votes and, so, anything could have done it. my point is whether it was the -- whether, in fact, it was the decisive agent or not to have the police intervene in an election, which is what happened, is unbelievable. a threat to our democracy and it has to be stopped and the people who did that have to be investigated and maybe prosecuted. >> let's look going forward. >> comey should certainly be fired. >> interesting to see what happens. trump and giuliani have both been ambivalent about what happened and we'll see what happens. let's look forward now. you have a recent hire here. the big one is bannon. i know reince priebus got in position, too. he's not controversial, he's a party head. that's what happened. bannon is controversial by anybody's definition. what do you make of having a promoter of the alt right in the white house? >> not only bannon promoted the alt right and prejudice. the president is appointed to his transition, the president-elect is appointed to his transition team.
ken blackwell and chris kobash and what it means is that the -- trump appealed to the worst in america. he appealed to racism, he appealed to sexism. he appealed to homophobia and this cannot be normalized. we cannot proceed with him as if we just put that into the back. >> we have to oppose -- >> all of these kinds of things until he repudiates. >> what will the democratic party be going forward? the party of the middle class. the blue collar party and the republicans who were the elites. the white collar class. now, it seems to have been reversed. what are you going to do? >> the democratic party is the party that in congress has put forward programs to help working people. and the republicans have put forward programs and they're still doing it to hurt working people. but they talk about it much more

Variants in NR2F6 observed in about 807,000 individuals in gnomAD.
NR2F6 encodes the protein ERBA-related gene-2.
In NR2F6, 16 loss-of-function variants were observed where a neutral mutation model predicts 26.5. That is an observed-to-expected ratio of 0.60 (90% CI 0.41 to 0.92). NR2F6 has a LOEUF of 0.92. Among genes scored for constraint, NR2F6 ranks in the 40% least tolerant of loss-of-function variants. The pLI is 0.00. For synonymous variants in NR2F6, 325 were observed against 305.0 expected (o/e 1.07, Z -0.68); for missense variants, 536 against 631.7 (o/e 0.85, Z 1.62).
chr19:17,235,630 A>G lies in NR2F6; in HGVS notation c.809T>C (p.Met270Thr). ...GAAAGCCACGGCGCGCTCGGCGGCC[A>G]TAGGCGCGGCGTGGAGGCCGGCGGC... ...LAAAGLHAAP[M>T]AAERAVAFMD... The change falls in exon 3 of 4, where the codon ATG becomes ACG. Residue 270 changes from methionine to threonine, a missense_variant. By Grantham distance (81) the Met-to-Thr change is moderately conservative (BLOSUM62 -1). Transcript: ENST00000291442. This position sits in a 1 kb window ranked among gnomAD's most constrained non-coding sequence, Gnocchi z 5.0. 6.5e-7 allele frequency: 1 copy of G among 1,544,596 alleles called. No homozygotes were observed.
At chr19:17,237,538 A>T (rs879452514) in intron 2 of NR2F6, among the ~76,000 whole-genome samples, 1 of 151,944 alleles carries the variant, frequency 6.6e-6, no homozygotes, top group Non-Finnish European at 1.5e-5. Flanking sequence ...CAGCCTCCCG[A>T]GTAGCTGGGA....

than we do. and the trade issue, which i think that bernie sanders is absolutely right on the trade issue. i voted against all these things over the years. dominated -- >> would you agree with trump because trump was in the same place as bernie sanders? >> there are some differences, but, yes, i opposed nafta and the more recent trade deals and i voted against all of them. they have also been used in this election to say to working class people that the democrats, most of whom voted against these things was carried by republicans even though our president supported them. only 28 democrats voted for the trade promotion authority last summer. but this has been used to say to the working class that the democrats are opposed to the working class. that we're in favor of sending jobs out of the country. nothing trump imposed will bring those jobs back. >> last question. who do you think should be the head of your party?